Sunday, May 30, 2010 | 2:05 a.m.
John Hathaway entered his U.S. debut on Saturday night at UFC 114 as an unknown to just about everyone.
Even his opponent — fan-favorite Diego Sanchez — said on Thursday that he knew nothing about Hathaway outside of watching his fight tapes, despite attempting to hunt him down on both Facebook and Twitter.
But re-watching the display the 22-year-old Brit put on against Sanchez in a unanimous decision victory (30-27, 30-27, 30-26) at the MGM Grand Garden Arena will tell all future opponents everything they need to know.
After stunning Sanchez with a strong right knee in the first round, followed by a ground-and-pound spurt that nearly ended the fight, Hathaway cruised as his confidence swelled.
"The scary thing about a kid like this is that he's only 22 years old," UFC President Dana White said in the post-fight press conference. "And tonight, for a kid of his age and experience, Diego Sanchez is a huge fight. I'm sure there were a lot of nerves and it was a very nerve-racking fight for him. After you get three or four decent fights in the UFC, you start to feel like this is your home. It'll be very scary when he feels like this is his home."
If anyone had a right to feel at home coming in, it was Sanchez, entering the Octagon for the first time since his loss to B.J. Penn in a lightweight title fight at UFC 107 back in December.
He had almost every one of the 15,081 fans in attendance behind him, and had never before lost a professional fight in Las Vegas.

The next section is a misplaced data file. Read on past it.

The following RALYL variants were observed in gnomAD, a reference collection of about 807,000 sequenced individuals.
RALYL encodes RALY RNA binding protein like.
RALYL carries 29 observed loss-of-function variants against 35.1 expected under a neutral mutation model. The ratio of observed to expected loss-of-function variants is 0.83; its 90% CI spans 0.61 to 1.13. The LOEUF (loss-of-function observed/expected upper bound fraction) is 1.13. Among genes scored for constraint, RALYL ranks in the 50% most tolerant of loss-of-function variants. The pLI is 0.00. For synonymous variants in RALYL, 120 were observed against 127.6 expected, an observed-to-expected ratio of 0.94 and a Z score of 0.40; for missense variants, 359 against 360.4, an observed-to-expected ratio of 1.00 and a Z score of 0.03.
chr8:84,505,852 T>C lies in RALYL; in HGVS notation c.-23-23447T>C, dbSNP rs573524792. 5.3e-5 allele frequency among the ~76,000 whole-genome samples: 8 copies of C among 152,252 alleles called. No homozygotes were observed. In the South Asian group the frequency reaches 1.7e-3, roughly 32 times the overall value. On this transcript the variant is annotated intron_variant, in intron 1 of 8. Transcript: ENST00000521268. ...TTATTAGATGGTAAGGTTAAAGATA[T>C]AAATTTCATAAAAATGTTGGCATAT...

His return to the welterweight division, though, brought an unexpected surprise in Hathaway.
Sanchez tried early to get into his comfort zone by going for a takedown and getting the fight to the ground, but during a first-round attempt, Hathaway's right knee drilled Sanchez square in the face, sending him stumbling to the ground.
The rangy Hathaway quickly mounted him, throwing a series of stinging punches and elbows.
"I was trying to finish quite badly in that situation," Hathaway said. "But Diego is very resilient and he pulled through. After that, I think the momentum went a lot more in my favor. It kind of forced him to become a stand-up fighter and stand with me a little more."
The momentum shift was completely visible.
Hathaway began smiling at Sanchez after nearly every landed strike from that point on — and there were plenty of them. Sanchez grew visibly frustrated, as any takedown attempts were futile and he began to swing and miss on some big attempted shots late out of desperation.
"(Sanchez was) maybe a little surprised," Hathaway said. "I felt like my right hand and my right knee was going to stun him."
Oddly enough, Hathaway's signature victory came against a guy who he admired as a teenager while preparing to make the transition from his first love — rugby — to mixed martial arts.
He did so cold turkey.
"The first Ultimate Fighter series, I must have been 16 or 17 at the time," Hathaway recalled. "I was still a kid at the time. I watched it, and I thought Diego was cool, at the time. I liked watching him in the house.
"He had his own little vibe and things going on. I thought that was cool."
Now, Hathaway has a nice vibe of his own, and the welterweight division could turn into his oyster.
He came out of his 14th professional fight with no injuries and a still-pristine record, including a 4-0 mark in the UFC after completing his original four-fight deal with the organization.
White will surely want to get him back in the cage sooner rather than later.
"I think I need to get a little more experience and a lot more training in the gym, so there's a lot more improvements from me to come," he said. "No return to rugby."